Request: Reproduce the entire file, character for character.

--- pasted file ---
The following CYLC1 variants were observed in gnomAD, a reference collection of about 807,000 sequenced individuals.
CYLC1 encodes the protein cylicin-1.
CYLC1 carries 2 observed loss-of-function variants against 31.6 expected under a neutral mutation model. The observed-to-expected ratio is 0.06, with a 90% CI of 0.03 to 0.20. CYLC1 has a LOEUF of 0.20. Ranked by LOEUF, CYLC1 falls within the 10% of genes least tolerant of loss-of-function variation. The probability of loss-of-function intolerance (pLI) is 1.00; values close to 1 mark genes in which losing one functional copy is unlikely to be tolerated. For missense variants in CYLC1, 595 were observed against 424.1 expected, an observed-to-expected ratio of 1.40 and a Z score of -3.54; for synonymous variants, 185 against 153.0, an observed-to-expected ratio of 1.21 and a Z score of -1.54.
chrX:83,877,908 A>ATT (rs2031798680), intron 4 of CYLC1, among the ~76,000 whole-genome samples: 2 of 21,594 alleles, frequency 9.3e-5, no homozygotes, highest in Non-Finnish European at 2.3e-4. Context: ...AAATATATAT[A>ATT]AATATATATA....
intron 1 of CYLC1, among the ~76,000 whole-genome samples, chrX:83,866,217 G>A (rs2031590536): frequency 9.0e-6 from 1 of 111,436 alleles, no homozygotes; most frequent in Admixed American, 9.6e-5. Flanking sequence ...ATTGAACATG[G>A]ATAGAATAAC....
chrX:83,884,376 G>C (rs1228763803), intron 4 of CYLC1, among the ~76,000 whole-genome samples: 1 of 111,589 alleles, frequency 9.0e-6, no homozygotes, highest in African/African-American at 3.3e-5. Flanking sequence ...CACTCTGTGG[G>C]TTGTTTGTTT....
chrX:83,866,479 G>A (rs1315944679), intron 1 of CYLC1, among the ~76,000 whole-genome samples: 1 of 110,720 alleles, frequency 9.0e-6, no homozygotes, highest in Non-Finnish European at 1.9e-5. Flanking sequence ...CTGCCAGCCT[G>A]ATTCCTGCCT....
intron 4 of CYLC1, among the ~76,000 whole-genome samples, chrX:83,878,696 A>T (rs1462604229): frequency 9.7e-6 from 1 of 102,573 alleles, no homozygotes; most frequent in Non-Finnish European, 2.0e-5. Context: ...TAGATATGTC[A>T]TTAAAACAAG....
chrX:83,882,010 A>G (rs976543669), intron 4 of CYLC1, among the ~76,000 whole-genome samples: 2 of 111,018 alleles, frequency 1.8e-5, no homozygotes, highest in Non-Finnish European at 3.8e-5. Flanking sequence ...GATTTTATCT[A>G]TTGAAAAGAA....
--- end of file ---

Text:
The following CYLC1 variants were observed in gnomAD, a reference collection of about 807,000 sequenced individuals.
CYLC1 encodes the protein cylicin-1.
CYLC1 carries 2 observed loss-of-function variants against 31.6 expected under a neutral mutation model. The observed-to-expected ratio is 0.06, with a 90% CI of 0.03 to 0.20. CYLC1 has a LOEUF of 0.20. Ranked by LOEUF, CYLC1 falls within the 10% of genes least tolerant of loss-of-function variation. The probability of loss-of-function intolerance (pLI) is 1.00; values close to 1 mark genes in which losing one functional copy is unlikely to be tolerated. For missense variants in CYLC1, 595 were observed against 424.1 expected, an observed-to-expected ratio of 1.40 and a Z score of -3.54; for synonymous variants, 185 against 153.0, an observed-to-expected ratio of 1.21 and a Z score of -1.54.
chrX:83,877,908 A>ATT (rs2031798680), intron 4 of CYLC1, among the ~76,000 whole-genome samples: 2 of 21,594 alleles, frequency 9.3e-5, no homozygotes, highest in Non-Finnish European at 2.3e-4. Context: ...AAATATATAT[A>ATT]AATATATATA....
intron 1 of CYLC1, among the ~76,000 whole-genome samples, chrX:83,866,217 G>A (rs2031590536): frequency 9.0e-6 from 1 of 111,436 alleles, no homozygotes; most frequent in Admixed American, 9.6e-5. Flanking sequence ...ATTGAACATG[G>A]ATAGAATAAC....
chrX:83,884,376 G>C (rs1228763803), intron 4 of CYLC1, among the ~76,000 whole-genome samples: 1 of 111,589 alleles, frequency 9.0e-6, no homozygotes, highest in African/African-American at 3.3e-5. Flanking sequence ...CACTCTGTGG[G>C]TTGTTTGTTT....
chrX:83,866,479 G>A (rs1315944679), intron 1 of CYLC1, among the ~76,000 whole-genome samples: 1 of 110,720 alleles, frequency 9.0e-6, no homozygotes, highest in Non-Finnish European at 1.9e-5. Flanking sequence ...CTGCCAGCCT[G>A]ATTCCTGCCT....
intron 4 of CYLC1, among the ~76,000 whole-genome samples, chrX:83,878,696 A>T (rs1462604229): frequency 9.7e-6 from 1 of 102,573 alleles, no homozygotes; most frequent in Non-Finnish European, 2.0e-5. Context: ...TAGATATGTC[A>T]TTAAAACAAG....
chrX:83,882,010 A>G (rs976543669), intron 4 of CYLC1, among the ~76,000 whole-genome samples: 2 of 111,018 alleles, frequency 1.8e-5, no homozygotes, highest in Non-Finnish European at 3.8e-5. Flanking sequence ...GATTTTATCT[A>G]TTGAAAAGAA....